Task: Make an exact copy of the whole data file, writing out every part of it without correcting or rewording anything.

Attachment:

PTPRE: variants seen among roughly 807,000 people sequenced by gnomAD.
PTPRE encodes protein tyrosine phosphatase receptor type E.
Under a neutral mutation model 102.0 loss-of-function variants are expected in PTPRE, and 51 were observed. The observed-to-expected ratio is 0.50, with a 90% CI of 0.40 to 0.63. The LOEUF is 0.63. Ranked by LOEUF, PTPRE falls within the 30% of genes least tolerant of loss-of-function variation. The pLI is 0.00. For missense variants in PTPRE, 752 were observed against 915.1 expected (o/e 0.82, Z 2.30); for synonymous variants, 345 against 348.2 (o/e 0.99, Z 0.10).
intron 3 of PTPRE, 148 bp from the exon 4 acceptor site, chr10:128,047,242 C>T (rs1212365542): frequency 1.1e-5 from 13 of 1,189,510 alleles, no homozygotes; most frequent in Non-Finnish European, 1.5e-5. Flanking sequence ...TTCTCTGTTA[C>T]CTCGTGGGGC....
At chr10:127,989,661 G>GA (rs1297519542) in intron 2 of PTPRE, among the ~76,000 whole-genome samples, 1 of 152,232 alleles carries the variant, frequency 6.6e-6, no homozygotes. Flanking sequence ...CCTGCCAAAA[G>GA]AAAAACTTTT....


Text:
PTPRE: variants seen among roughly 807,000 people sequenced by gnomAD.
PTPRE encodes protein tyrosine phosphatase receptor type E.
Under a neutral mutation model 102.0 loss-of-function variants are expected in PTPRE, and 51 were observed. The observed-to-expected ratio is 0.50, with a 90% CI of 0.40 to 0.63. The LOEUF is 0.63. Ranked by LOEUF, PTPRE falls within the 30% of genes least tolerant of loss-of-function variation. The pLI is 0.00. For missense variants in PTPRE, 752 were observed against 915.1 expected (o/e 0.82, Z 2.30); for synonymous variants, 345 against 348.2 (o/e 0.99, Z 0.10).
intron 3 of PTPRE, 148 bp from the exon 4 acceptor site, chr10:128,047,242 C>T (rs1212365542): frequency 1.1e-5 from 13 of 1,189,510 alleles, no homozygotes; most frequent in Non-Finnish European, 1.5e-5. Flanking sequence ...TTCTCTGTTA[C>T]CTCGTGGGGC....
At chr10:127,989,661 G>GA (rs1297519542) in intron 2 of PTPRE, among the ~76,000 whole-genome samples, 1 of 152,232 alleles carries the variant, frequency 6.6e-6, no homozygotes. Flanking sequence ...CCTGCCAAAA[G>GA]AAAAACTTTT....